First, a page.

- Dr. Seuss and many of his books (Cat in the Hat + others)
- Again, there is plenty of documentation available through a simple google search so I’m not focusing this blog post on the Dr. Seuss discourse, please do explore the discourse though, especially if you are feeling very defensive or nostalgic about his books. For example, did you know that not a single Dr. Seuss book features a girl of color character and that every single boy of color character shown is placed within a subservient or de-humanized role? https://www.vox.com/culture/22309286/dr-seuss-controversy-read-across-america-racism-if-i-ran-the-zoo-mulberry-street-mcgelliots-pool#:~:text=There%20are%20no%20girls%20or,some%20combination%20of%20the%20three.
- Indian in the Cupboard
- Five Chinese Brothers
- Tiki Tiki Tembo
- To Kill a Mockingbird
- Skippy Jon Jones
- Boy in Striped Pajamas
- Little House on the Prairie
- Peter Pan
- The Giving Tree
- Curious George
- Little Black Sambo
- Many of Shakespeare’s works
This is a noncomprehensive list and obviously you should do a lot of additional research above and beyond the single link I’m providing here, this section is hopefully enough to get you started.
What to Do About Harmful/Potentially Harmful Books & Authors
When evaluating you might consider asking yourself the following questions, among others:
- Who benefits from this story and who is harmed?
- Who has power in this story (and who does not)? (whose voice is centered, whose will is centered)
- Are harmful stereotypes present or alluded to on page?
- Do I have other books with better rep on similar theme/subject?
- Does this book serve CURRENT or EMERGING curricular needs?
- Is this book accessible elsewhere? (open source, public library, etc)
- Is there context present? (author’s note)
Decide upon and take action
There are no “one size fits all” solutions to these situations, each book/author will need to be evaluated individually and different actions may be more appropriate in different situations. I can offer a few potential solutions, but only you, as the librarian, can determine what the most appropriate action is for each of your situations.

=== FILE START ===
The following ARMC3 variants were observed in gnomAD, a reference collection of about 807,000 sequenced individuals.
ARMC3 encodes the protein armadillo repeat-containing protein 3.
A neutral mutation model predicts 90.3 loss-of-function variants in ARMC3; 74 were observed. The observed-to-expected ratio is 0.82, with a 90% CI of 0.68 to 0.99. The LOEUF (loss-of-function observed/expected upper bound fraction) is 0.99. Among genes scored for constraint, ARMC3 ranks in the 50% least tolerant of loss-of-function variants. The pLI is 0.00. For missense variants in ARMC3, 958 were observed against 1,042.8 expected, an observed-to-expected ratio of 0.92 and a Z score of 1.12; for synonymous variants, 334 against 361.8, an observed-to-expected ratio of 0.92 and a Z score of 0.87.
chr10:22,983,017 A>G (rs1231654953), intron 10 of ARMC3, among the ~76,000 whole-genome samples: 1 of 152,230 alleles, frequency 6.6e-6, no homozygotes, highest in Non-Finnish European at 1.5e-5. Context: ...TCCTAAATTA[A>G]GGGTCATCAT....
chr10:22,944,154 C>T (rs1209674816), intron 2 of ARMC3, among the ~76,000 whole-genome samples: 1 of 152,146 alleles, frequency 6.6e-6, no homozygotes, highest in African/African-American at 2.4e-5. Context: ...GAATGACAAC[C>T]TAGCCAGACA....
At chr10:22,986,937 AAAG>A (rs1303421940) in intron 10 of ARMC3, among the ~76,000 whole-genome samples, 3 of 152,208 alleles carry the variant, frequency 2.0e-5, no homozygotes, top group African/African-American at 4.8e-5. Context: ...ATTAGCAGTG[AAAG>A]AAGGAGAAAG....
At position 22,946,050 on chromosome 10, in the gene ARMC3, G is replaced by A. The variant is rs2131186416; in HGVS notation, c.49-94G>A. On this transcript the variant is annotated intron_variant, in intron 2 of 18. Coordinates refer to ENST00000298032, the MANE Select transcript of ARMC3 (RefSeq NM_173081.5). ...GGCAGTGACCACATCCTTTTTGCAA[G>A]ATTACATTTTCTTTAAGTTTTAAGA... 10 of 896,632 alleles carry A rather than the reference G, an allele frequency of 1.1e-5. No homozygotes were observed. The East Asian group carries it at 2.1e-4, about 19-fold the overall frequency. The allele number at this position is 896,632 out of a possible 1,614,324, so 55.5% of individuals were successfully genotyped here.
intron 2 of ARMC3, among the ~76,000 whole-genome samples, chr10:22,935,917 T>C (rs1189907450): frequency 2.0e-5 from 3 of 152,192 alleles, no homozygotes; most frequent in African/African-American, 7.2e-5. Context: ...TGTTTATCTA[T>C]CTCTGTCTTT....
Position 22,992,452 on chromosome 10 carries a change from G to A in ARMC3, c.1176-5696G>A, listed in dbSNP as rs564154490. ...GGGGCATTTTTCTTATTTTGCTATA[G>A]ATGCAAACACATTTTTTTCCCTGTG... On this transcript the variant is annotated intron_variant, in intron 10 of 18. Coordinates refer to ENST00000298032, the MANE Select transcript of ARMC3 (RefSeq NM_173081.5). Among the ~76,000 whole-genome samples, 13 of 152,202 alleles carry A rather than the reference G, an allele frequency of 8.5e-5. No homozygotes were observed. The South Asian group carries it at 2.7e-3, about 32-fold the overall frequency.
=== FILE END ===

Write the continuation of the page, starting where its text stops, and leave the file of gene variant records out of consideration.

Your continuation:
Potential Actions To Consider
- Weeding it
- Sometimes harmful books will need to be weeded. This decision should be made after analysis and evaluation, and in conjunction with your library’s usual weeding/selection policy. When books no longer serve the current or emerging needs of our library community, they often should be weeded. Please do not perpetuate the misconception that weeding is synonymous with “censorship” or “cancel culture.” Weeding is a necessary and normal process that all libraries must engage in, and books are weeded when they are no longer the best choice for serving the current and emerging needs of the user community.
- Adding Counter-Narratives
- Another action which will sometimes be most appropriate is to add counter-narratives to the collection in order to provide balance and to offer a broader perspective on the representation. For example, if you have a lot of books which feature Hispanic/Latine representation in the form of adversity fiction, an appropriate action to take may be to add more selections which feature a broader array of Hispanic/Latine representation that places the characters in situations which affirm experiences beyond adversity. Another example would be if you have a lot of books featuring Black main characters, but most of them are not written by Black authors, then an appropriate action might be to add more books with Black main characters which are written by Black authors.